On today’s show we are talking about a new rule under the generally accepted accounting principles that could profoundly affect the way commercial real estate leases are written in the future. If you’re a property owner where your commercial tenants sign multi-year leases, you need to pay close attention. 

There is a new rule under GAAP that requires companies to disclose long term lease obligations on their financial statements.

For all leases with terms of more than 12 months, the revised standard requires a right-to-use asset to be added to the asset section of the balance sheet and the present value of the related lease obligations to be included as liabilities. 

So let’s say you have just signed a 10 year lease with lease payments of $100,000 a month, of which there are, say 9 years remaining. You would be required to add a right of use asset on your balance sheet in the value of 9 x 1.2M or 10.8M. You would also have a liability added to your balance sheet in the amount of $10.8M. Next month that liability would be 10.7M, 10.6M and so on as you draw down the residual balance of the lease.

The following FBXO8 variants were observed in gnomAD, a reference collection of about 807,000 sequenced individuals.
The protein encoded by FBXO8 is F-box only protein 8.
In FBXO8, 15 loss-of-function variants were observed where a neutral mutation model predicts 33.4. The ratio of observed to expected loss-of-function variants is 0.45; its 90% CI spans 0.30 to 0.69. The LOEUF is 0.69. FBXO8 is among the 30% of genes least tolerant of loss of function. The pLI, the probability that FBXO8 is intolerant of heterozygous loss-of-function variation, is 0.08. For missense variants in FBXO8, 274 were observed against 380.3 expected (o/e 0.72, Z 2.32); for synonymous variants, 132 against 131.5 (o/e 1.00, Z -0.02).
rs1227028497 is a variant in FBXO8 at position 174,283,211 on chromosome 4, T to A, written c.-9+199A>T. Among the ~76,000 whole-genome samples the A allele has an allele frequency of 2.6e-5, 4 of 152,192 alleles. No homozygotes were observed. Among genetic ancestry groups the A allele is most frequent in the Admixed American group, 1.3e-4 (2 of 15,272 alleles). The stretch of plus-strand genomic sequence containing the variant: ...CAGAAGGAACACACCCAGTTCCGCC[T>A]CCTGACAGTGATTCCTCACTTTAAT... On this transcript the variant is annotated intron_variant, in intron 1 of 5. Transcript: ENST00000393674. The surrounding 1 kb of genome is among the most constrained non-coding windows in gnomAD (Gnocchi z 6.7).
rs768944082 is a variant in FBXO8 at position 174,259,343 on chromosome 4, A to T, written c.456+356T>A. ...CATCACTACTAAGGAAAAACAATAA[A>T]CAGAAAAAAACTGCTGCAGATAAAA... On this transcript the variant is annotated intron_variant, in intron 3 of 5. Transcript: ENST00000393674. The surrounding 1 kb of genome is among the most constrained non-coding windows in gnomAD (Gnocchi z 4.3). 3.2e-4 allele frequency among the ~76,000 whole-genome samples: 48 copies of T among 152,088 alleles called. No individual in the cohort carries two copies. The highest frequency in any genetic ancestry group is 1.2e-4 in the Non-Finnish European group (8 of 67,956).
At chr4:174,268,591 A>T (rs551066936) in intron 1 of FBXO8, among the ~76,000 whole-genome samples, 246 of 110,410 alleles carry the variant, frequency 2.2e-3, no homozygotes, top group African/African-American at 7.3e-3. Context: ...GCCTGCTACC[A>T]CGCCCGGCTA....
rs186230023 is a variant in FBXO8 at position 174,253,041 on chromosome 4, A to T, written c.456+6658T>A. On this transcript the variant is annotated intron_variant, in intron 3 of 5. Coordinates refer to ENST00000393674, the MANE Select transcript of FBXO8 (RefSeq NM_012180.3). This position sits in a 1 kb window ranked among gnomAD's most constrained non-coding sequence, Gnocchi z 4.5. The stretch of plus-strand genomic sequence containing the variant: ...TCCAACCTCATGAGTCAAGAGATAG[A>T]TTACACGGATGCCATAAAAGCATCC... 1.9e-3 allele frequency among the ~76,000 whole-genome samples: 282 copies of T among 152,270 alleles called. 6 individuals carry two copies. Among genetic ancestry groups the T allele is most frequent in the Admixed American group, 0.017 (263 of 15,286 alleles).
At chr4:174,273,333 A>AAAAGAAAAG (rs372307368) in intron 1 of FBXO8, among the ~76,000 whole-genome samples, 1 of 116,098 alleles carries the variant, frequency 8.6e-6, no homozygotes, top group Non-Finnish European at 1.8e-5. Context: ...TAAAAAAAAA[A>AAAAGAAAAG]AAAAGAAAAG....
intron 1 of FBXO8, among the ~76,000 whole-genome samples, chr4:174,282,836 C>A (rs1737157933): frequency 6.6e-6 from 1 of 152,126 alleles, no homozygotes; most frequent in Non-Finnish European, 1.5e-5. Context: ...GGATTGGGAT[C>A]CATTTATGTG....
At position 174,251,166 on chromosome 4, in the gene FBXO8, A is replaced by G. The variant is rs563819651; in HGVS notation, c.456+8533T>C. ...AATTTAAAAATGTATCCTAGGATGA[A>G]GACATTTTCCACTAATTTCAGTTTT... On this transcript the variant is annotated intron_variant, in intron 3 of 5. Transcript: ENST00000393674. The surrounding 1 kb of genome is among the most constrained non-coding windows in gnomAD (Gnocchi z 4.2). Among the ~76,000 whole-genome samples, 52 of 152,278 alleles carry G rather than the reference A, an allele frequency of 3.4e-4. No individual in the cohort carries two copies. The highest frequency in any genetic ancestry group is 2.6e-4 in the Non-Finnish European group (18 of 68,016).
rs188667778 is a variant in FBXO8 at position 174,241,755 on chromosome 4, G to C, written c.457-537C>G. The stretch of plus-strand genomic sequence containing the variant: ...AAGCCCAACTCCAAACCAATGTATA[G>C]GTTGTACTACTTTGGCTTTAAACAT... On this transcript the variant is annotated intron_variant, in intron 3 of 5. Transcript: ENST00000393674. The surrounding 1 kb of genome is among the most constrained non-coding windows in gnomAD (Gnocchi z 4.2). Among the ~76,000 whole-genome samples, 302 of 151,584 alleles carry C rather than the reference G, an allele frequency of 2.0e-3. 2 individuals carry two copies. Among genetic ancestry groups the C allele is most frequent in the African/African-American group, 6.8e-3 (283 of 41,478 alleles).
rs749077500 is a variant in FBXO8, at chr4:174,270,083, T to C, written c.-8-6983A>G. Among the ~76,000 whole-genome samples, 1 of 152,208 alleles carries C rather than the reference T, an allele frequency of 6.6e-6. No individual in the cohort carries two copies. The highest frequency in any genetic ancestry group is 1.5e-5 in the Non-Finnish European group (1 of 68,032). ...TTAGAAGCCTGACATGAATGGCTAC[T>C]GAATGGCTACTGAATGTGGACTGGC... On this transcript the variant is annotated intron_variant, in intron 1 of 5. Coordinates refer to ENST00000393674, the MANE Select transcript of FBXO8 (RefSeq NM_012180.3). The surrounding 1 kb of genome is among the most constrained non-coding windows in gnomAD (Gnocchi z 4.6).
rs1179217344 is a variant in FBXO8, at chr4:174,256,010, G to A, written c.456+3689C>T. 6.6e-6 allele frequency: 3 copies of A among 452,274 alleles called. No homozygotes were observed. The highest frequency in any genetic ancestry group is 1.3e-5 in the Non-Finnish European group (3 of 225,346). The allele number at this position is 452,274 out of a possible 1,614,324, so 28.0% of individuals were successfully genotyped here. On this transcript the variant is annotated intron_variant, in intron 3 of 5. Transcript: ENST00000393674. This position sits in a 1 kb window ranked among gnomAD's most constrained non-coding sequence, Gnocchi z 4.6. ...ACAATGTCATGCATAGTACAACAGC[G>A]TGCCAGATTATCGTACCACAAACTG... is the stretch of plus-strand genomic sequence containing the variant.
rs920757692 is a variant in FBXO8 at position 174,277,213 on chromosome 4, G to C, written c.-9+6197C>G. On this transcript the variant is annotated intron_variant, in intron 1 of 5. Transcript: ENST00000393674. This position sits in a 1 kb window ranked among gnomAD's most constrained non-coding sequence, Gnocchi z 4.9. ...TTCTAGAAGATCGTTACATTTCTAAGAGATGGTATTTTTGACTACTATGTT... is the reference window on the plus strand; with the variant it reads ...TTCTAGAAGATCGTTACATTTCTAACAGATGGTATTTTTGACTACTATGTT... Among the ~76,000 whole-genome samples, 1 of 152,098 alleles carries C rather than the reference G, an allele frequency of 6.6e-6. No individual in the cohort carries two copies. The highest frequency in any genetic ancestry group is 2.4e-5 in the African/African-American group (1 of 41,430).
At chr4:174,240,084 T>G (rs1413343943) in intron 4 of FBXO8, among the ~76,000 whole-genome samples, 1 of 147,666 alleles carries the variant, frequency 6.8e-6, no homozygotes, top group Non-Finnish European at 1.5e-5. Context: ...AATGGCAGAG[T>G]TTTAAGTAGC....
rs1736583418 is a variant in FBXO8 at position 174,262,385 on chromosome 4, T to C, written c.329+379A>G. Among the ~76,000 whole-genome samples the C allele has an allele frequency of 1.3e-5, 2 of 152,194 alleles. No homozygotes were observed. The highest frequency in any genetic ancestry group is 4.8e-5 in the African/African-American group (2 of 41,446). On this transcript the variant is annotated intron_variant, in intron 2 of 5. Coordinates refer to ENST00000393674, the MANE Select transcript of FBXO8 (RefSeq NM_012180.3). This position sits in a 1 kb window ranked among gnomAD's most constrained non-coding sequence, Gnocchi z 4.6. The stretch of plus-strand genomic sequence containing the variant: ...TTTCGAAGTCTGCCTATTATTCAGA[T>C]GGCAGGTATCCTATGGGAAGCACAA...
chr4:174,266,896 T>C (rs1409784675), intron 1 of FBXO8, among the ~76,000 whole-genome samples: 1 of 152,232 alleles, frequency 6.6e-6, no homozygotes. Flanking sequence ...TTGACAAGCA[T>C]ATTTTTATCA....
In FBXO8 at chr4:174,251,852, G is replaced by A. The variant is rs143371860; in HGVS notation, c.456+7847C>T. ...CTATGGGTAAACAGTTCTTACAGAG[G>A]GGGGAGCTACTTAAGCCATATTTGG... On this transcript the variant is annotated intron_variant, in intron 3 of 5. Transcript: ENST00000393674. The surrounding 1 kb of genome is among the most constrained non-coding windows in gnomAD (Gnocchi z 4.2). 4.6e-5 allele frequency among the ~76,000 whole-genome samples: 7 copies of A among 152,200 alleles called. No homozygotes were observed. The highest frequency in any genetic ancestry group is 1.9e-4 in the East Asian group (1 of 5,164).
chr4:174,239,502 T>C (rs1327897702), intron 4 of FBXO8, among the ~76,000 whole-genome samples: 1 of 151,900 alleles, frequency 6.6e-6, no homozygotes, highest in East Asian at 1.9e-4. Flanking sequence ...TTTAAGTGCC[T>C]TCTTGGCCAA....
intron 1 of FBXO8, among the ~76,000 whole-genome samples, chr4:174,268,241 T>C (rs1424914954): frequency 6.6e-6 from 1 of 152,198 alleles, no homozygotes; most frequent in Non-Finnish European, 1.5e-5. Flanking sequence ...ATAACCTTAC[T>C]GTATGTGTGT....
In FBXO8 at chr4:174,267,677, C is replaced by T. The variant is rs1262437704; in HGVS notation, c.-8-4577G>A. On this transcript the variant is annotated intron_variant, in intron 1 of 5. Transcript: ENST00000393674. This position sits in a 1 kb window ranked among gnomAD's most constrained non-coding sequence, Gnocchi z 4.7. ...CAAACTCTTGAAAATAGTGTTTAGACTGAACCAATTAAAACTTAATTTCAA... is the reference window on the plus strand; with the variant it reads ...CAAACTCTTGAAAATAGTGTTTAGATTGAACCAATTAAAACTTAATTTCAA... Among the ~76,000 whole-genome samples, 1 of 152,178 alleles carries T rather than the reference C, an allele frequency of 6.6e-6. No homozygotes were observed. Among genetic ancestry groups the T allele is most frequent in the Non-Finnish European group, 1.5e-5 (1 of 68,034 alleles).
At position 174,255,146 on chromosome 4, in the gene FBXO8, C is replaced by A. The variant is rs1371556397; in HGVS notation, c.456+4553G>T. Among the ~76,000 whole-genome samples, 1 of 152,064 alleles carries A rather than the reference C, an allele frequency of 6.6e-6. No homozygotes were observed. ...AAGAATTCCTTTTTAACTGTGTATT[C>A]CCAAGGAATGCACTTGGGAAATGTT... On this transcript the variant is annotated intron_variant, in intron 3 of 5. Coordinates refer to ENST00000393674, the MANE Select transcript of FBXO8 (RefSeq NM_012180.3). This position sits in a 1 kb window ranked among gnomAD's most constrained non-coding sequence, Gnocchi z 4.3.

You might argue that there is no change really since the you’re adding an asset and a liability to the balance sheet and they fully offset each other. 

However, not everyone looks at liabilities the same way. These changes could make lessees appear significantly more leveraged and cause unprepared entities to violate their loan covenants.

Remember, just because the generally excepted accounting principles have changed, doesn’t mean that banks and lenders are going to change their underwriting rules to accommodate the changes in GAAP. Many bank underwriting rules compare the loan amount to the total liabilities. If these long term liabilities now appear on the company balance sheet, it can change the way a bank looks at a borrower.